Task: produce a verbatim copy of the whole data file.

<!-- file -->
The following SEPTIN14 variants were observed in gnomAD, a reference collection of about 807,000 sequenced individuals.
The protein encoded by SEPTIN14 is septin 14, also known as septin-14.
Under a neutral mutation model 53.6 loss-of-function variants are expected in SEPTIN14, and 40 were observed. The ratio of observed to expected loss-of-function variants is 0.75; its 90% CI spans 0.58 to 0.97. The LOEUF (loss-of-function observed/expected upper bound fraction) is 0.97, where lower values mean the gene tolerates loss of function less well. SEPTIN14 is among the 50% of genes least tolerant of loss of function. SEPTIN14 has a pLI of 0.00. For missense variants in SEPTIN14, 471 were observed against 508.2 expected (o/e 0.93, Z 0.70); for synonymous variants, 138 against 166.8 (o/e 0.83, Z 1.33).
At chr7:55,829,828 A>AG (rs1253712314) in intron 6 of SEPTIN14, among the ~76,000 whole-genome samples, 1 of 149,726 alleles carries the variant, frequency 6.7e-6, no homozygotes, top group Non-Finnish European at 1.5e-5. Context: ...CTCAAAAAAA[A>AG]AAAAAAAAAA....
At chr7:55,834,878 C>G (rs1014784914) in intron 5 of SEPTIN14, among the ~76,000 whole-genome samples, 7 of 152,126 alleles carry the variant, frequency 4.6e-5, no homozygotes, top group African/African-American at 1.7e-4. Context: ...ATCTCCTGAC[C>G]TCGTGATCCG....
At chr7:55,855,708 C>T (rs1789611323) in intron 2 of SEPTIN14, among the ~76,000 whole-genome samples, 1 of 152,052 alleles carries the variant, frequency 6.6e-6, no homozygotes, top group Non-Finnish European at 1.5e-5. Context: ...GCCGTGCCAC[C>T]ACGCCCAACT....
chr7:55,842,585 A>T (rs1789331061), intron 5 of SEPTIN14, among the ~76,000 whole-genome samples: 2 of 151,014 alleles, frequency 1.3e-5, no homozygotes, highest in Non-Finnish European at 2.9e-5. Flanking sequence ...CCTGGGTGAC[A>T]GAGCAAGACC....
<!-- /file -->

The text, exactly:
The following SEPTIN14 variants were observed in gnomAD, a reference collection of about 807,000 sequenced individuals.
The protein encoded by SEPTIN14 is septin 14, also known as septin-14.
Under a neutral mutation model 53.6 loss-of-function variants are expected in SEPTIN14, and 40 were observed. The ratio of observed to expected loss-of-function variants is 0.75; its 90% CI spans 0.58 to 0.97. The LOEUF (loss-of-function observed/expected upper bound fraction) is 0.97, where lower values mean the gene tolerates loss of function less well. SEPTIN14 is among the 50% of genes least tolerant of loss of function. SEPTIN14 has a pLI of 0.00. For missense variants in SEPTIN14, 471 were observed against 508.2 expected (o/e 0.93, Z 0.70); for synonymous variants, 138 against 166.8 (o/e 0.83, Z 1.33).
At chr7:55,829,828 A>AG (rs1253712314) in intron 6 of SEPTIN14, among the ~76,000 whole-genome samples, 1 of 149,726 alleles carries the variant, frequency 6.7e-6, no homozygotes, top group Non-Finnish European at 1.5e-5. Context: ...CTCAAAAAAA[A>AG]AAAAAAAAAA....
At chr7:55,834,878 C>G (rs1014784914) in intron 5 of SEPTIN14, among the ~76,000 whole-genome samples, 7 of 152,126 alleles carry the variant, frequency 4.6e-5, no homozygotes, top group African/African-American at 1.7e-4. Context: ...ATCTCCTGAC[C>G]TCGTGATCCG....
At chr7:55,855,708 C>T (rs1789611323) in intron 2 of SEPTIN14, among the ~76,000 whole-genome samples, 1 of 152,052 alleles carries the variant, frequency 6.6e-6, no homozygotes, top group Non-Finnish European at 1.5e-5. Context: ...GCCGTGCCAC[C>T]ACGCCCAACT....
chr7:55,842,585 A>T (rs1789331061), intron 5 of SEPTIN14, among the ~76,000 whole-genome samples: 2 of 151,014 alleles, frequency 1.3e-5, no homozygotes, highest in Non-Finnish European at 2.9e-5. Flanking sequence ...CCTGGGTGAC[A>T]GAGCAAGACC....